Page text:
Jonathan Little has written a good series of books on tournament play.
Doug's advice is spot on
"Each tournament situation is influenced by how many big blinds you have and how your table is playing.
Don't freak out if you have less chips than your opponents, for the most part it really only takes a few hands to get back into it late in a tournament.
Knowing how to play a short stack will help you a lot. You can learn a lot by short-stacking in cash games or by practicing in sit-n-go tournaments.
You should have an idea of your opening range from each position at various stack depths (number of big blinds) and be able to adjust these ranges for tight/loose players behind you. There are many players that do not 3-bet without a monster and will fold 80-90% of their big blinds (the easiest raise-fold steal of your life).
Changing gears is going to be important as the blinds go up as well. Usually you will be playing tight, but you can mix in more steals against tight players and re-steal three-bets from loose players... if there are players who will aggressively play back at you, use more value hands.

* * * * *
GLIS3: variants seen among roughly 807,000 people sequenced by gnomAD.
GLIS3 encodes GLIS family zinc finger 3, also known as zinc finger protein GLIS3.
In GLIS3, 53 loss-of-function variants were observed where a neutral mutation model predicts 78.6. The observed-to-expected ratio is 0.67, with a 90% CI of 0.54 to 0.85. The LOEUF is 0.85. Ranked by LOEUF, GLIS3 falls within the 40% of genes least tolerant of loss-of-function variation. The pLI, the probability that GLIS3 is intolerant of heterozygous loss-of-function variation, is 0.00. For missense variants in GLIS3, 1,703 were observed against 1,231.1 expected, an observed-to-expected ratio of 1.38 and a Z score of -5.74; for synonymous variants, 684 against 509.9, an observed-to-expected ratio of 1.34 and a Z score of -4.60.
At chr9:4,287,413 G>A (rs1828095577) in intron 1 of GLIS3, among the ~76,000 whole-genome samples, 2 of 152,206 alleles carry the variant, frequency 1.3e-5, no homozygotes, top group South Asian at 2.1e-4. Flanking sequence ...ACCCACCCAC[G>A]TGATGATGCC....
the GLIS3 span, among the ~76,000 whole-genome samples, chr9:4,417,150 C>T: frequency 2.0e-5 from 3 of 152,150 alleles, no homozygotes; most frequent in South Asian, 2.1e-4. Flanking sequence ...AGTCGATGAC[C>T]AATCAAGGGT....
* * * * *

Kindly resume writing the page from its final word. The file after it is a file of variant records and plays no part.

The deeper you get in a tournament, generally, the remaining players will have a higher skill level. To consistently do well, you will need to differentiate yourself by making plays to pick up chips in spots they would not (or by not losing as many chips as they would).
When you run good and get a big stack you can start to apply pressure and secure your spot at the final table as others hope to hold on and move up the payout ladder. With enough practice you will get better and better at this and should make plenty of final tables if you play a high volume of tournaments.
So I guess my general advice is to study push/fold charts and/or ICM Nash Equilibrium (what percentage of hands you can profitably open-shove off your chip stack given the other stacks at your table and the tournament payouts). Also just playing a lot of tournaments and watching Twitch tournament streamers will help you get experience.
Good luck at tables! "
I would add, learn you opponents' styles and play them accordingly.
You also need to know when to steal pots to maintain your chip stack or you will blind off, very important as discussed by Doug.